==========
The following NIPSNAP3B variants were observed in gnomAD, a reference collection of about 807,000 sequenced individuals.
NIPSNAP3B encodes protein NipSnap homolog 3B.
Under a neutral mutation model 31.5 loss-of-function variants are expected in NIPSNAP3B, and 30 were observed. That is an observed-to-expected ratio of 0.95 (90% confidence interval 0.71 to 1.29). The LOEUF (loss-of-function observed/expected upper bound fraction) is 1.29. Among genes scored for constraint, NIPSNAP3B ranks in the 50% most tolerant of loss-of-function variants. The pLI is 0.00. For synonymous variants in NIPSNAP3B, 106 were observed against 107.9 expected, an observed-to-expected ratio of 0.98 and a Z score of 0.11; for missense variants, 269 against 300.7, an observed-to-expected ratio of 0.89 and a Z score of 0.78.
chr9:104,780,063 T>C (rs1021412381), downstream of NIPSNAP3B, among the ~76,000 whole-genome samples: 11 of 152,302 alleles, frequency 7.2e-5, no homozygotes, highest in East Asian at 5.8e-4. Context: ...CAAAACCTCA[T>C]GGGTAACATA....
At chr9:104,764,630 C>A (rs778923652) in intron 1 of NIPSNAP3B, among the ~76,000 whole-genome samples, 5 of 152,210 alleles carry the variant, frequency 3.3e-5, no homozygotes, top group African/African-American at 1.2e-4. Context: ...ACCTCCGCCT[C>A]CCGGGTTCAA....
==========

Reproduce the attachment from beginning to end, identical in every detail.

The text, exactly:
The following NIPSNAP3B variants were observed in gnomAD, a reference collection of about 807,000 sequenced individuals.
NIPSNAP3B encodes protein NipSnap homolog 3B.
Under a neutral mutation model 31.5 loss-of-function variants are expected in NIPSNAP3B, and 30 were observed. That is an observed-to-expected ratio of 0.95 (90% confidence interval 0.71 to 1.29). The LOEUF (loss-of-function observed/expected upper bound fraction) is 1.29. Among genes scored for constraint, NIPSNAP3B ranks in the 50% most tolerant of loss-of-function variants. The pLI is 0.00. For synonymous variants in NIPSNAP3B, 106 were observed against 107.9 expected, an observed-to-expected ratio of 0.98 and a Z score of 0.11; for missense variants, 269 against 300.7, an observed-to-expected ratio of 0.89 and a Z score of 0.78.
chr9:104,780,063 T>C (rs1021412381), downstream of NIPSNAP3B, among the ~76,000 whole-genome samples: 11 of 152,302 alleles, frequency 7.2e-5, no homozygotes, highest in East Asian at 5.8e-4. Context: ...CAAAACCTCA[T>C]GGGTAACATA....
At chr9:104,764,630 C>A (rs778923652) in intron 1 of NIPSNAP3B, among the ~76,000 whole-genome samples, 5 of 152,210 alleles carry the variant, frequency 3.3e-5, no homozygotes, top group African/African-American at 1.2e-4. Context: ...ACCTCCGCCT[C>A]CCGGGTTCAA....